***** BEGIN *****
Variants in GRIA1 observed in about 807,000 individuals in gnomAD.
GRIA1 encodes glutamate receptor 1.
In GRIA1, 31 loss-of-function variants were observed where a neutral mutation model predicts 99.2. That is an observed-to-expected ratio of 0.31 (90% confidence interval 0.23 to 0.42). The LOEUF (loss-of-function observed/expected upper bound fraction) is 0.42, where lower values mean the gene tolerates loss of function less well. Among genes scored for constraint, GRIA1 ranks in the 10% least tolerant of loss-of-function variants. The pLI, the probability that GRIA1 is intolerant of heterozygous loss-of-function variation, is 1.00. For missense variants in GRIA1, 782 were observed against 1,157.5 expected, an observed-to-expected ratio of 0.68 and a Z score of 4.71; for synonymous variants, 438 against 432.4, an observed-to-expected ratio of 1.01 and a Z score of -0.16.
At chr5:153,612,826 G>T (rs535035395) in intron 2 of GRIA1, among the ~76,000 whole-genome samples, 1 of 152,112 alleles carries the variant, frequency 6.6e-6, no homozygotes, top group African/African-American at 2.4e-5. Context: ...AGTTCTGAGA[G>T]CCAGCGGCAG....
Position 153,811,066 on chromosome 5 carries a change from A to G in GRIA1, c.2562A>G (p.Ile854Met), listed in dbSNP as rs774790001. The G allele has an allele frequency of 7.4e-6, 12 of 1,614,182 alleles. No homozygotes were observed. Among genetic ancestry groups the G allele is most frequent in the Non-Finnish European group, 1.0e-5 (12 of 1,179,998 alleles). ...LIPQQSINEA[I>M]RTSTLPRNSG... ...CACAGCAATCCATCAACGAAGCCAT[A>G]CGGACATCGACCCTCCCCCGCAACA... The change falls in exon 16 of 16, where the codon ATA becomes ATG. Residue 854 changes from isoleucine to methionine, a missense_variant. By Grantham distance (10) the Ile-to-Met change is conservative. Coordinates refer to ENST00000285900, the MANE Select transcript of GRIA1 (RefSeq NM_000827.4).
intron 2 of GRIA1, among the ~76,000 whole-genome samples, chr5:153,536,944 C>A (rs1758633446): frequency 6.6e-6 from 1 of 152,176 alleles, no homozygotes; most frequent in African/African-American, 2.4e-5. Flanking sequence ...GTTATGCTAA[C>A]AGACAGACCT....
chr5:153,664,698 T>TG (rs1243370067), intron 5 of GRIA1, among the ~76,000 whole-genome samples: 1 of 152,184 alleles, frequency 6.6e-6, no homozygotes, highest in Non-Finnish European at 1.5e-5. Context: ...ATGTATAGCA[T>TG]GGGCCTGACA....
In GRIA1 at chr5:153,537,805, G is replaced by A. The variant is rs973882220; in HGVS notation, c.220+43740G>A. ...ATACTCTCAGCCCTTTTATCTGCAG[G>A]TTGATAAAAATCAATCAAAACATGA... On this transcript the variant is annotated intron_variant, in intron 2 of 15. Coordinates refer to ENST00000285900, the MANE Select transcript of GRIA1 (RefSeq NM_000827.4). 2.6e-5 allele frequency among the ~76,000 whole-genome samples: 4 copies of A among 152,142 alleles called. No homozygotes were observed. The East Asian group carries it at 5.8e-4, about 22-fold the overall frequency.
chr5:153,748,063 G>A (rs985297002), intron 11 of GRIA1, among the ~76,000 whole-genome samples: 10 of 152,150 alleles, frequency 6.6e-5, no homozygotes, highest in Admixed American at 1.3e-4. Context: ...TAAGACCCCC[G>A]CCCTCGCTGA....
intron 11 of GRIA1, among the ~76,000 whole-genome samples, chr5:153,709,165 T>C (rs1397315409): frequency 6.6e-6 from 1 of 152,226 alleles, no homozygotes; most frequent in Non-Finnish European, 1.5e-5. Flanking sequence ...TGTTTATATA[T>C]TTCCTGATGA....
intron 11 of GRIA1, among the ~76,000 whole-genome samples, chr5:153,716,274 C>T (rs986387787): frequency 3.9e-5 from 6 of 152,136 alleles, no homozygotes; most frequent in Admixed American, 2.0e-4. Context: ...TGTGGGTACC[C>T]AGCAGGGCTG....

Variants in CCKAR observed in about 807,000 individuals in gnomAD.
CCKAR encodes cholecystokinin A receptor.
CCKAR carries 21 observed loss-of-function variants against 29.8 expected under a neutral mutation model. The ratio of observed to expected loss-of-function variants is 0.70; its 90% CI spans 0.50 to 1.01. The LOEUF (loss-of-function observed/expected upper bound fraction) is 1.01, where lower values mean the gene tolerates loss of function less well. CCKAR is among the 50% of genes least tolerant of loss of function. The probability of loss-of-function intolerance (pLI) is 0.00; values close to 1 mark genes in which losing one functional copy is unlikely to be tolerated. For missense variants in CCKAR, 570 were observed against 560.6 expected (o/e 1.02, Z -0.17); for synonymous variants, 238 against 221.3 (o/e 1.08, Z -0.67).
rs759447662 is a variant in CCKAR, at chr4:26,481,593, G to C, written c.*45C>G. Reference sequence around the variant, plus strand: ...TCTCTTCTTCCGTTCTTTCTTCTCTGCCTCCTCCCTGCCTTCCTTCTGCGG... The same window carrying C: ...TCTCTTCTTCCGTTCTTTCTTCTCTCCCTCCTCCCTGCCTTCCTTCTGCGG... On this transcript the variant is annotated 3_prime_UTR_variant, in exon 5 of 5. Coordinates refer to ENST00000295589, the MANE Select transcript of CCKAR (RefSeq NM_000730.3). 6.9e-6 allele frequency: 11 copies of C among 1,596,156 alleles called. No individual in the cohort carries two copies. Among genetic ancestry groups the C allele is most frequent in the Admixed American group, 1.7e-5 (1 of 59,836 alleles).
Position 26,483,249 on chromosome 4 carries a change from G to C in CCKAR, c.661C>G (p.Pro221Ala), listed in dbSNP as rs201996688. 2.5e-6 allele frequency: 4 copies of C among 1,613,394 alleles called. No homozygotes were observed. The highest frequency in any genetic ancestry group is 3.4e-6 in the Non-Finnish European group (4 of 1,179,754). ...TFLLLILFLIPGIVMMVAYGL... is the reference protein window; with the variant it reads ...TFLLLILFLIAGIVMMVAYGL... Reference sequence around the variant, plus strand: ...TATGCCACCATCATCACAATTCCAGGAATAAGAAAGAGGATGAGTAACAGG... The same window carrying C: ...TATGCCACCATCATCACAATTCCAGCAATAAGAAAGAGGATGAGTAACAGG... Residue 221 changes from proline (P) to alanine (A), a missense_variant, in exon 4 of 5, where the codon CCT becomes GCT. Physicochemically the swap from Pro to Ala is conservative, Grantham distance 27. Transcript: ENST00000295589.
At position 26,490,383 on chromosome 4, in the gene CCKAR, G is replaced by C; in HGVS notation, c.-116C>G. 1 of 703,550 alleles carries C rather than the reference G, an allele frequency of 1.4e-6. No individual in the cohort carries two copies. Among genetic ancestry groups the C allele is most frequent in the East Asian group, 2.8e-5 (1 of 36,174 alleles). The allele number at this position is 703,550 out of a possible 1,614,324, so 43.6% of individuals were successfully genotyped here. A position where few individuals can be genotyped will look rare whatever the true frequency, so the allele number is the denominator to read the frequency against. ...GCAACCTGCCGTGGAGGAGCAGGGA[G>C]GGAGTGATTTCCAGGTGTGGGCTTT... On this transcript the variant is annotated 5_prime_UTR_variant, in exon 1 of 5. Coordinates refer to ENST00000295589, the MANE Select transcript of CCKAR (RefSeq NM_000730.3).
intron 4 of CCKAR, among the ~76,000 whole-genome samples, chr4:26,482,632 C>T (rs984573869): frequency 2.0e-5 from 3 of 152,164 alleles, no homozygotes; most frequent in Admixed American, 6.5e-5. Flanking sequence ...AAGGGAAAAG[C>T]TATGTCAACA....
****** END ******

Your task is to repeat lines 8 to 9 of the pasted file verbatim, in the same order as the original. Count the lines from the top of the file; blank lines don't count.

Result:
In GRIA1 at chr5:153,537,805, G is replaced by A. The variant is rs973882220; in HGVS notation, c.220+43740G>A. ...ATACTCTCAGCCCTTTTATCTGCAG[G>A]TTGATAAAAATCAATCAAAACATGA... On this transcript the variant is annotated intron_variant, in intron 2 of 15. Coordinates refer to ENST00000285900, the MANE Select transcript of GRIA1 (RefSeq NM_000827.4). 2.6e-5 allele frequency among the ~76,000 whole-genome samples: 4 copies of A among 152,142 alleles called. No homozygotes were observed. The East Asian group carries it at 5.8e-4, about 22-fold the overall frequency.
chr5:153,748,063 G>A (rs985297002), intron 11 of GRIA1, among the ~76,000 whole-genome samples: 10 of 152,150 alleles, frequency 6.6e-5, no homozygotes, highest in Admixed American at 1.3e-4. Context: ...TAAGACCCCC[G>A]CCCTCGCTGA....